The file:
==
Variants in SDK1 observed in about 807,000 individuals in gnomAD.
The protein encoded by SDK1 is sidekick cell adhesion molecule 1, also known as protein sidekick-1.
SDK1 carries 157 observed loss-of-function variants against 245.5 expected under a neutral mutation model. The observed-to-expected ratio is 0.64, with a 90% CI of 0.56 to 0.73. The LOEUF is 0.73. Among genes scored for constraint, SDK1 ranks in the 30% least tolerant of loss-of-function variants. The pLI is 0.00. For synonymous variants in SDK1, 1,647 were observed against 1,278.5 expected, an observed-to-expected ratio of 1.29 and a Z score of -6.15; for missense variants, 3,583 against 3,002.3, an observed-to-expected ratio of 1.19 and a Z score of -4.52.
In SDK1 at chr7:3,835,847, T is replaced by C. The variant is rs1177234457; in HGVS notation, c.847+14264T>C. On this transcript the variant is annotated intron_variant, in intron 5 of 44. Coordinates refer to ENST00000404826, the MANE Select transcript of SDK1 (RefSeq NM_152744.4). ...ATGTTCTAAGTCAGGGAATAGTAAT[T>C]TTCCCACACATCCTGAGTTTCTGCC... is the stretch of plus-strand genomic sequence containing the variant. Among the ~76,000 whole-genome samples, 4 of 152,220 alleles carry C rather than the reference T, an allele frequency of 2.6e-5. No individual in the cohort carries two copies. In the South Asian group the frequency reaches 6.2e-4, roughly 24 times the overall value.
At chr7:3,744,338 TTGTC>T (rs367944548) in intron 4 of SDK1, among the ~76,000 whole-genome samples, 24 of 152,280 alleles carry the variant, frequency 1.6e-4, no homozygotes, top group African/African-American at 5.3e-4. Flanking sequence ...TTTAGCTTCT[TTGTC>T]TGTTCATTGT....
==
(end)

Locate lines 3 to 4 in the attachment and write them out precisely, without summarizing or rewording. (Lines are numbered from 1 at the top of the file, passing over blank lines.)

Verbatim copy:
SDK1 carries 157 observed loss-of-function variants against 245.5 expected under a neutral mutation model. The observed-to-expected ratio is 0.64, with a 90% CI of 0.56 to 0.73. The LOEUF is 0.73. Among genes scored for constraint, SDK1 ranks in the 30% least tolerant of loss-of-function variants. The pLI is 0.00. For synonymous variants in SDK1, 1,647 were observed against 1,278.5 expected, an observed-to-expected ratio of 1.29 and a Z score of -6.15; for missense variants, 3,583 against 3,002.3, an observed-to-expected ratio of 1.19 and a Z score of -4.52.
In SDK1 at chr7:3,835,847, T is replaced by C. The variant is rs1177234457; in HGVS notation, c.847+14264T>C. On this transcript the variant is annotated intron_variant, in intron 5 of 44. Coordinates refer to ENST00000404826, the MANE Select transcript of SDK1 (RefSeq NM_152744.4). ...ATGTTCTAAGTCAGGGAATAGTAAT[T>C]TTCCCACACATCCTGAGTTTCTGCC... is the stretch of plus-strand genomic sequence containing the variant. Among the ~76,000 whole-genome samples, 4 of 152,220 alleles carry C rather than the reference T, an allele frequency of 2.6e-5. No individual in the cohort carries two copies. In the South Asian group the frequency reaches 6.2e-4, roughly 24 times the overall value.